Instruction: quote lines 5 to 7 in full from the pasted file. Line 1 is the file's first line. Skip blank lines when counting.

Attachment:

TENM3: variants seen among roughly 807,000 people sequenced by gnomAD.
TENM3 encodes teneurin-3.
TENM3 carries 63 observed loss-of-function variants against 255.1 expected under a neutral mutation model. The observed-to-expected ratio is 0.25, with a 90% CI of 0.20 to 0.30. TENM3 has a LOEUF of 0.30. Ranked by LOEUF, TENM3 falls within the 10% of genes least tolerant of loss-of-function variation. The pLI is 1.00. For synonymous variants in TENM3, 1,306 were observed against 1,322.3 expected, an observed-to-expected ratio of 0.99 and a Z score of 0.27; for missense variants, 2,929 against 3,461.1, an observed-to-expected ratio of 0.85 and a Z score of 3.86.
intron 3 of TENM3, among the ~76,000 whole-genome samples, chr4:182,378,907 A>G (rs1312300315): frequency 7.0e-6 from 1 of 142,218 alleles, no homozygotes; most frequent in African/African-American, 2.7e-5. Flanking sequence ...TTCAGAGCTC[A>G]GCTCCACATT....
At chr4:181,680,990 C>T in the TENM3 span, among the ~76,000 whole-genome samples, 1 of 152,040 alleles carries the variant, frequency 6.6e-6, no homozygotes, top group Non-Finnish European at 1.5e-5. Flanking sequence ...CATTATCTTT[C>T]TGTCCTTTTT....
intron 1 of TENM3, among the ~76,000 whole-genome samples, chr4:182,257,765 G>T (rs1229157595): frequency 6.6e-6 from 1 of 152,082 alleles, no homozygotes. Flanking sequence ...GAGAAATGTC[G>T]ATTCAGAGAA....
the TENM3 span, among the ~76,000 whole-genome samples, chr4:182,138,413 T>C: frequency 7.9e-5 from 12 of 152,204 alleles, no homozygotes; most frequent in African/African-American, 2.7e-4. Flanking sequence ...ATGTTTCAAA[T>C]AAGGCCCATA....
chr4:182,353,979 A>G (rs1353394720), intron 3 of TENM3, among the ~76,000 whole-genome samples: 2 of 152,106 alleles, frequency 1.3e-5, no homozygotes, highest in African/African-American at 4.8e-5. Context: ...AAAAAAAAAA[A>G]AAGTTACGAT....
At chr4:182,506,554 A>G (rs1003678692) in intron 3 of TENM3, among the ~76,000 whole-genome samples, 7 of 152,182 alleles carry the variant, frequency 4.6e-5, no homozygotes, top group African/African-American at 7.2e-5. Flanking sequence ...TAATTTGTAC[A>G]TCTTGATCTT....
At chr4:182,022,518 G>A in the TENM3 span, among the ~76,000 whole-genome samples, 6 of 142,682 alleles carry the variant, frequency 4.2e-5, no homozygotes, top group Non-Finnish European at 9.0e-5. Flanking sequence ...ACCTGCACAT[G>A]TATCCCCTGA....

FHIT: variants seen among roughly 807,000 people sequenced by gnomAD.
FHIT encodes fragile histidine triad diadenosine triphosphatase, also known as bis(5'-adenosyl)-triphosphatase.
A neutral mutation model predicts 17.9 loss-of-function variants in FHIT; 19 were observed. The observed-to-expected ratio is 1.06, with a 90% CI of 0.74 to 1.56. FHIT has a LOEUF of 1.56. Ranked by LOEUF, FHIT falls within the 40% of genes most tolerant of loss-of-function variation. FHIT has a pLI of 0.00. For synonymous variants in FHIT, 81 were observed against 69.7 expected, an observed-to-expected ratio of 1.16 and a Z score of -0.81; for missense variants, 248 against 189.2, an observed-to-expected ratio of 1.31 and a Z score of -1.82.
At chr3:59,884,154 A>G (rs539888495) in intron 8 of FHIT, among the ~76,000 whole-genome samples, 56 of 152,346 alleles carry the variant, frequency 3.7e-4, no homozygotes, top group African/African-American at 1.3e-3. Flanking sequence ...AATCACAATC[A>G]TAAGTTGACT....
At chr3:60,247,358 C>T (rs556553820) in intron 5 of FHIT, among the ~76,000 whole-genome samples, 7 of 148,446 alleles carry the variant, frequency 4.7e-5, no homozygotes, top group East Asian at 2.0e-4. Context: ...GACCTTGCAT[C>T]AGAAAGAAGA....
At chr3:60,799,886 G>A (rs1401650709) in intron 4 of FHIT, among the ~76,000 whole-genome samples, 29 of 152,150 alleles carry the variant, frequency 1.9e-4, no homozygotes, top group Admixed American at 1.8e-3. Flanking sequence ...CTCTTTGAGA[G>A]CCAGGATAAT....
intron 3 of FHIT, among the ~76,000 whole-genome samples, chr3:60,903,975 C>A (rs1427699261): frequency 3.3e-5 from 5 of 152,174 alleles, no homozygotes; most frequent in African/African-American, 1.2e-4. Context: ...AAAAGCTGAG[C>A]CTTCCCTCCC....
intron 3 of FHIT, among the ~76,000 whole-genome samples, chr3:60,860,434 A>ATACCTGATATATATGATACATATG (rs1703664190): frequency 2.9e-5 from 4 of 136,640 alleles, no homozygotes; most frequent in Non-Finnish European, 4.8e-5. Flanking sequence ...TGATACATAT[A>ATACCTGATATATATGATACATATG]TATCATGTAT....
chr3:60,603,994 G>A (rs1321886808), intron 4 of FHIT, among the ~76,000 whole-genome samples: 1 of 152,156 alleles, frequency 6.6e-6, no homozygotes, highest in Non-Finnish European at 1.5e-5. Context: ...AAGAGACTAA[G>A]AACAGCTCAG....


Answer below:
At chr4:181,680,990 C>T in the TENM3 span, among the ~76,000 whole-genome samples, 1 of 152,040 alleles carries the variant, frequency 6.6e-6, no homozygotes, top group Non-Finnish European at 1.5e-5. Flanking sequence ...CATTATCTTT[C>T]TGTCCTTTTT....
intron 1 of TENM3, among the ~76,000 whole-genome samples, chr4:182,257,765 G>T (rs1229157595): frequency 6.6e-6 from 1 of 152,082 alleles, no homozygotes. Flanking sequence ...GAGAAATGTC[G>T]ATTCAGAGAA....
the TENM3 span, among the ~76,000 whole-genome samples, chr4:182,138,413 T>C: frequency 7.9e-5 from 12 of 152,204 alleles, no homozygotes; most frequent in African/African-American, 2.7e-4. Flanking sequence ...ATGTTTCAAA[T>C]AAGGCCCATA....